Review:

This second book of the Daimones trilogy delves more seriously into the sci-fi aspect as opposed to the reactions to the apocalyptic events in the first book. These newly improved humans develop strange capabilities, one of the most interesting to sense whether anyone is around and even their heartbeat and feelings. The Palladium device allows all Selected to easily keep in contact with each other and, through council meetings with the Moîrai, progress and peace are maintained constant.

Dan is worried about many things, amongst which the fact that he will largely outlive their loved ones (even though he already has a future love interest in check), and the safety of those in his ‘colony’.

When strange sabotage acts start to occur, Dan and his fellow council members want humans to handle it, but find themselves forced to ask the Moîrai for help, as they find out the acts are not the work of human spared ones alone, as they initially thought. A larger conspiracy is at stake and, more than ever, the Moîrai will need to disclose the full truth behind what is happening and their own intentions.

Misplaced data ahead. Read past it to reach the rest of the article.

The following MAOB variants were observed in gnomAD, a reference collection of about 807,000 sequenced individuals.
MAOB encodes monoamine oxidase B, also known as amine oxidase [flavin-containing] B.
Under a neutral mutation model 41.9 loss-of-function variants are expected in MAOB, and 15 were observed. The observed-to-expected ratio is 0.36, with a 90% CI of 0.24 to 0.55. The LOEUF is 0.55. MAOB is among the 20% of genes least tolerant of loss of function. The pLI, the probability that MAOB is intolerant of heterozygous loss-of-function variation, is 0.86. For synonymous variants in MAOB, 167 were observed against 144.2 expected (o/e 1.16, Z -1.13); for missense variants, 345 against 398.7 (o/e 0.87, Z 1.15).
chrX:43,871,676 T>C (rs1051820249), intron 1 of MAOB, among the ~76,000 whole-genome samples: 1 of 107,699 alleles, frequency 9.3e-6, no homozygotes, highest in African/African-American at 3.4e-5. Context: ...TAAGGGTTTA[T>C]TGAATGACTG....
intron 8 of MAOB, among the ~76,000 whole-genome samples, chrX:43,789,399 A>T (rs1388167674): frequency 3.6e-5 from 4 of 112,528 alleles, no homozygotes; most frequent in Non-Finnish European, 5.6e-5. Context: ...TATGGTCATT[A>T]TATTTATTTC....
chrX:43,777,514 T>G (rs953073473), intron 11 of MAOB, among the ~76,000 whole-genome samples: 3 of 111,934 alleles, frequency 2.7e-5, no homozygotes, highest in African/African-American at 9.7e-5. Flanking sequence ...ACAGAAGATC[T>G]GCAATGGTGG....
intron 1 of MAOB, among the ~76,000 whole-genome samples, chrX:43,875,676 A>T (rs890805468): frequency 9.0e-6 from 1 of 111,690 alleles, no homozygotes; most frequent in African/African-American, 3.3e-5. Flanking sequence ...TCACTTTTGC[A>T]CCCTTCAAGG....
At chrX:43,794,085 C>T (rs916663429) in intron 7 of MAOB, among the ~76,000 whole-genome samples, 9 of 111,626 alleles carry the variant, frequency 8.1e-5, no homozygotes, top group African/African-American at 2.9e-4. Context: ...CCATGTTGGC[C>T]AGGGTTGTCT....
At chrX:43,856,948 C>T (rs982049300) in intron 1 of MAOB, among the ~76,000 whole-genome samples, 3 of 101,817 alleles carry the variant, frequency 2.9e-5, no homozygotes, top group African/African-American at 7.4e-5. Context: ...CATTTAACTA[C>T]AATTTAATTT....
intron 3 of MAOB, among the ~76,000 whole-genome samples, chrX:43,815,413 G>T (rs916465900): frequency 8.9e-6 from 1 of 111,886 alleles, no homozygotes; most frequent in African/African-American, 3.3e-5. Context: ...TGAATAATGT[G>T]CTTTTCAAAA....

There were a few editorial mistakes, like wrong verb tenses and misspellings (frequently of plurals, for instance). When Dan develops the ability to communicate telepathically, it got extremely difficult to follow when he was doing that and when he was speaking out loud. The telepathic messages should have been all in italic, or some other way to make it clearly distinguishable. As it was, I could not even tell who knew what, since I did not know what was being said aloud.

The book is action packed with plenty of twists and turns. While that was positive, I did feel thrown around a bit too much. The narrative felt a bit erratic and things would change abruptly, particularly between chapters. Most of all, I felt very confused all the time.